South Africa: Will There Ever Be Accountability for the Marikana Massacre?

Photo: SAPA
Police on the scene at Lonmin platinum mine in Marikana in' the North West where ongoing violence resulted in the shooting of a number of people on Thursday, August 16, 2012.

Criminal prosecution and civil compensation are legal remedies, and an official apology to families and communities is a matter of decency.

On August 16, 2012, 34 mineworkers were shot while protesting to demand a living wage and better working conditions in Marikana. Forty-four people were killed, 78 wounded, and 250 arrested in a week of violence.

Images of the police firing on protesting mineworkers in Marikana in 2012 are reminiscent of images of police firing on protesters in Sharpeville in 1960 and Soweto in 1976. At least half of the mineworkers who died in Marikana were between the ages of 20 and 30. The protesters were taking action against a system that sought to steal their futures in the same way it had stolen their fathers' futures. In each case, young people came together to express their dissatisfaction with the status quo and were met with intentional police brutality.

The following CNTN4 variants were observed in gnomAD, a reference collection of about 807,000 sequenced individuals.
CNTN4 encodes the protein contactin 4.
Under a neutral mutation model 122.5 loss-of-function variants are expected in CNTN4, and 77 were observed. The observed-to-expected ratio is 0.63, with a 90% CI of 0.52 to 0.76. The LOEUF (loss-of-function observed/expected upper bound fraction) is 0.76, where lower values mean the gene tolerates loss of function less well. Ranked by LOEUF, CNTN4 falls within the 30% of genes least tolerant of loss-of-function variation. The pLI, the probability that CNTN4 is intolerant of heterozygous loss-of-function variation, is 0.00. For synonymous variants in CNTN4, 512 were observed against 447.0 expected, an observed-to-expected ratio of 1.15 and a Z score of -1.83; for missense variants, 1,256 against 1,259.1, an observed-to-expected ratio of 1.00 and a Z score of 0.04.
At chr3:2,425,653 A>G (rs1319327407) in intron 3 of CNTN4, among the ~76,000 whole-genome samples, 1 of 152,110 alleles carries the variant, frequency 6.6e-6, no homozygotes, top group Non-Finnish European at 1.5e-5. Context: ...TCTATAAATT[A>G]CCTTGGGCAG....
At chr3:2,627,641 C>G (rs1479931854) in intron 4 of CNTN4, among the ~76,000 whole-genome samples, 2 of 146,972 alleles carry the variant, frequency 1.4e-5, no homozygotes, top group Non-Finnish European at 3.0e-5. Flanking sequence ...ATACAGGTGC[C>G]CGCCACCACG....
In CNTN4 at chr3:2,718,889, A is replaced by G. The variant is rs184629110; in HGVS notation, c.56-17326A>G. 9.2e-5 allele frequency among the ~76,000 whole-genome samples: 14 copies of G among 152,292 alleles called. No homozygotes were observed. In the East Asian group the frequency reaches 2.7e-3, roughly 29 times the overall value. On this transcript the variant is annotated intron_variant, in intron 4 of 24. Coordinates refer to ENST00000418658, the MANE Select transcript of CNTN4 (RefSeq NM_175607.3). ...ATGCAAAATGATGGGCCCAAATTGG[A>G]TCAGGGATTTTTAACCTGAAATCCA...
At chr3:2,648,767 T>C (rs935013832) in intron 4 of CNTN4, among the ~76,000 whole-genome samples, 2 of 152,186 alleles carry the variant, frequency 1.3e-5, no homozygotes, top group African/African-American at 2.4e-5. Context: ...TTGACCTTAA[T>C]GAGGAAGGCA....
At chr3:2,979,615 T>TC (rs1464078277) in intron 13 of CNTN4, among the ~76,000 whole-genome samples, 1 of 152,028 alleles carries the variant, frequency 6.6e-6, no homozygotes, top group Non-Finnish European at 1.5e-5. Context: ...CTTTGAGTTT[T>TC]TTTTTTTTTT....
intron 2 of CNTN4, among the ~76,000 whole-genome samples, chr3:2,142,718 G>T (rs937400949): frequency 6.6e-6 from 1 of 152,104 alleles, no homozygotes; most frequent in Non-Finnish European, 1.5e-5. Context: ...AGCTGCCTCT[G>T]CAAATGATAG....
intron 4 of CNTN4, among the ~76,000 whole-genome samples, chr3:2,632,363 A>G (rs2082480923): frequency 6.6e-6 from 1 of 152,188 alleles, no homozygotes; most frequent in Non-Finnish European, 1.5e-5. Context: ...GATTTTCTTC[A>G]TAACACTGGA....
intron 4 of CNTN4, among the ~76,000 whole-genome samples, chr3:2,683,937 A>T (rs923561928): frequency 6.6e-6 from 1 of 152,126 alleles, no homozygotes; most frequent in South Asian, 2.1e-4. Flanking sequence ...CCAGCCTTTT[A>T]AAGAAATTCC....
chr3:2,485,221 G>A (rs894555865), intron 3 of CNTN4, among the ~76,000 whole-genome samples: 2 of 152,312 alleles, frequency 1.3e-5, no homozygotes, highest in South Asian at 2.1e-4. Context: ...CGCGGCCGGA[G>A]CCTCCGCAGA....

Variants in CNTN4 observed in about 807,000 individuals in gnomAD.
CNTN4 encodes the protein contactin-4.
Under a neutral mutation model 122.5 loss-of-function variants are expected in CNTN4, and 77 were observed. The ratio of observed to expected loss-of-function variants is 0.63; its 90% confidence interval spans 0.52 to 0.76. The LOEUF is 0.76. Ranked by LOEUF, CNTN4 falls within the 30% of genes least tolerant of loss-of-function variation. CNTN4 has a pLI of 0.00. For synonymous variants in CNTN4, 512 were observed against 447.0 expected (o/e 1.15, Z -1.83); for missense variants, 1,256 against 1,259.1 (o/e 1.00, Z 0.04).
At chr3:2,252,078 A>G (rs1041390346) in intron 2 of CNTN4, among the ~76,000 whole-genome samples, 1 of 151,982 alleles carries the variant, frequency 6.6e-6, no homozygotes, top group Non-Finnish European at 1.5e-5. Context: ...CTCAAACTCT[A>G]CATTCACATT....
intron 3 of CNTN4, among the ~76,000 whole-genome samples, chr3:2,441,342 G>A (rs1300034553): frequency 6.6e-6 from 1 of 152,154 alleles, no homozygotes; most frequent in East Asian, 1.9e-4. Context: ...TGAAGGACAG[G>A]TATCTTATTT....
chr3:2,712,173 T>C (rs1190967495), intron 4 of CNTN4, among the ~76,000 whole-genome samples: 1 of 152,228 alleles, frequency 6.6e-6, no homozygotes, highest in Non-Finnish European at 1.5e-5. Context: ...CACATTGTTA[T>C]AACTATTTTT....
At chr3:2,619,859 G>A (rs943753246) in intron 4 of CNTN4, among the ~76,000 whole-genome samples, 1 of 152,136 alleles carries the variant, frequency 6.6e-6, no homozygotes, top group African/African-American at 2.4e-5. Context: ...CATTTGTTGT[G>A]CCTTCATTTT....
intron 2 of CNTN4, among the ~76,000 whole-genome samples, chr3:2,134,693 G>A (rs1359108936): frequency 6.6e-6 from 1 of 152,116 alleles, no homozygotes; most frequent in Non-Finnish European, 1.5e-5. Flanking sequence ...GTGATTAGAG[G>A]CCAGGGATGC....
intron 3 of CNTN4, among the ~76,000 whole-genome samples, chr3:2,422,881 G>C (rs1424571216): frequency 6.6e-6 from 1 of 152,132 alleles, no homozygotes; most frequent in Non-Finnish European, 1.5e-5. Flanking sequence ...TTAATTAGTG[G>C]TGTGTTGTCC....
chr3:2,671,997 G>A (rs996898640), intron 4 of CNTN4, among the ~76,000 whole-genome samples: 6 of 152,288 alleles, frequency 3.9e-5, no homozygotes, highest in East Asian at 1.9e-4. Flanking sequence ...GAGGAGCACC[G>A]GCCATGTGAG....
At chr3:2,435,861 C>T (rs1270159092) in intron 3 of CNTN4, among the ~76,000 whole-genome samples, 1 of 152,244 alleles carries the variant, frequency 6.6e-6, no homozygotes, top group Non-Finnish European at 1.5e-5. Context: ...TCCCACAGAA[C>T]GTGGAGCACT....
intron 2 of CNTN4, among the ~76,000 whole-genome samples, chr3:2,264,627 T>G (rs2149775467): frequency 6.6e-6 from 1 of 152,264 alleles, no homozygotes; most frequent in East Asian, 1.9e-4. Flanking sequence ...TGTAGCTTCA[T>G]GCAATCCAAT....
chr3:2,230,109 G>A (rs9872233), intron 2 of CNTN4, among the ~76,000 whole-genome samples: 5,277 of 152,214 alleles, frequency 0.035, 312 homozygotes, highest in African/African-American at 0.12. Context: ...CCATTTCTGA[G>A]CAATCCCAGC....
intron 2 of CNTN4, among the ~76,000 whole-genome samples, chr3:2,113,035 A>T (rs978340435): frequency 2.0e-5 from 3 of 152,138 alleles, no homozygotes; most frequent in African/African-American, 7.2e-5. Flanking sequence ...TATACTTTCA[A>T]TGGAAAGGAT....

In Marikana,...

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